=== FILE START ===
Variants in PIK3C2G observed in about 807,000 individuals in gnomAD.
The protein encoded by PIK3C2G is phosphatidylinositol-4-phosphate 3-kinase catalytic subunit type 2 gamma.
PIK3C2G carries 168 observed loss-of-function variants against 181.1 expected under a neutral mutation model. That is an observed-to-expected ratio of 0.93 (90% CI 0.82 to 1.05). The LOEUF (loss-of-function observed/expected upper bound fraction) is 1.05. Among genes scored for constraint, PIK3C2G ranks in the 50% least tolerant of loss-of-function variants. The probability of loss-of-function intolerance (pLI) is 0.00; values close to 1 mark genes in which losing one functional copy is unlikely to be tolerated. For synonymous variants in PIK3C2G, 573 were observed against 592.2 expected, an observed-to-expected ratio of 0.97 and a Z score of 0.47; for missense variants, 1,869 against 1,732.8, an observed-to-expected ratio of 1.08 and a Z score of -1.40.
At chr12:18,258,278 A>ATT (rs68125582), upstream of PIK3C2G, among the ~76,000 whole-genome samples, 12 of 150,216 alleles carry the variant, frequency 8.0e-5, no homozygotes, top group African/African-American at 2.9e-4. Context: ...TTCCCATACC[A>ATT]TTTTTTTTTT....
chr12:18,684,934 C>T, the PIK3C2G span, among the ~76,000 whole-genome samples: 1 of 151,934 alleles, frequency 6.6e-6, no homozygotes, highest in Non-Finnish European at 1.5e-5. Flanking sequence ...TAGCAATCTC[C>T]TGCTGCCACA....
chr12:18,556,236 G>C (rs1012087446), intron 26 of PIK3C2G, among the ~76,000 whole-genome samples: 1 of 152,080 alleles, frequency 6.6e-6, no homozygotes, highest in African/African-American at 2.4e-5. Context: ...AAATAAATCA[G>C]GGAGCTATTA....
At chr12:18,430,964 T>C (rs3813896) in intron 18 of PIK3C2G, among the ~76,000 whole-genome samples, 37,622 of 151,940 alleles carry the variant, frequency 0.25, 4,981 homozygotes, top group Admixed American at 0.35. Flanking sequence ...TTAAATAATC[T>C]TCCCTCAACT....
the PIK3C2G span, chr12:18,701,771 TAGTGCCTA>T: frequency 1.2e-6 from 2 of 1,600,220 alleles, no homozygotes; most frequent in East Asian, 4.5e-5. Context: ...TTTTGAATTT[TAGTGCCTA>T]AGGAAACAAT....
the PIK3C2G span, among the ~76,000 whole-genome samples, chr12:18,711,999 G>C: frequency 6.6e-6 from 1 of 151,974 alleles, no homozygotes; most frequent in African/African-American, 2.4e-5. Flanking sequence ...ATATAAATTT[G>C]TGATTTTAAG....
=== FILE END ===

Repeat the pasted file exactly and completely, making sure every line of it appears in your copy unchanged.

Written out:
Variants in PIK3C2G observed in about 807,000 individuals in gnomAD.
The protein encoded by PIK3C2G is phosphatidylinositol-4-phosphate 3-kinase catalytic subunit type 2 gamma.
PIK3C2G carries 168 observed loss-of-function variants against 181.1 expected under a neutral mutation model. That is an observed-to-expected ratio of 0.93 (90% CI 0.82 to 1.05). The LOEUF (loss-of-function observed/expected upper bound fraction) is 1.05. Among genes scored for constraint, PIK3C2G ranks in the 50% least tolerant of loss-of-function variants. The probability of loss-of-function intolerance (pLI) is 0.00; values close to 1 mark genes in which losing one functional copy is unlikely to be tolerated. For synonymous variants in PIK3C2G, 573 were observed against 592.2 expected, an observed-to-expected ratio of 0.97 and a Z score of 0.47; for missense variants, 1,869 against 1,732.8, an observed-to-expected ratio of 1.08 and a Z score of -1.40.
At chr12:18,258,278 A>ATT (rs68125582), upstream of PIK3C2G, among the ~76,000 whole-genome samples, 12 of 150,216 alleles carry the variant, frequency 8.0e-5, no homozygotes, top group African/African-American at 2.9e-4. Context: ...TTCCCATACC[A>ATT]TTTTTTTTTT....
chr12:18,684,934 C>T, the PIK3C2G span, among the ~76,000 whole-genome samples: 1 of 151,934 alleles, frequency 6.6e-6, no homozygotes, highest in Non-Finnish European at 1.5e-5. Flanking sequence ...TAGCAATCTC[C>T]TGCTGCCACA....
chr12:18,556,236 G>C (rs1012087446), intron 26 of PIK3C2G, among the ~76,000 whole-genome samples: 1 of 152,080 alleles, frequency 6.6e-6, no homozygotes, highest in African/African-American at 2.4e-5. Context: ...AAATAAATCA[G>C]GGAGCTATTA....
At chr12:18,430,964 T>C (rs3813896) in intron 18 of PIK3C2G, among the ~76,000 whole-genome samples, 37,622 of 151,940 alleles carry the variant, frequency 0.25, 4,981 homozygotes, top group Admixed American at 0.35. Flanking sequence ...TTAAATAATC[T>C]TCCCTCAACT....
the PIK3C2G span, chr12:18,701,771 TAGTGCCTA>T: frequency 1.2e-6 from 2 of 1,600,220 alleles, no homozygotes; most frequent in East Asian, 4.5e-5. Context: ...TTTTGAATTT[TAGTGCCTA>T]AGGAAACAAT....
the PIK3C2G span, among the ~76,000 whole-genome samples, chr12:18,711,999 G>C: frequency 6.6e-6 from 1 of 151,974 alleles, no homozygotes; most frequent in African/African-American, 2.4e-5. Flanking sequence ...ATATAAATTT[G>C]TGATTTTAAG....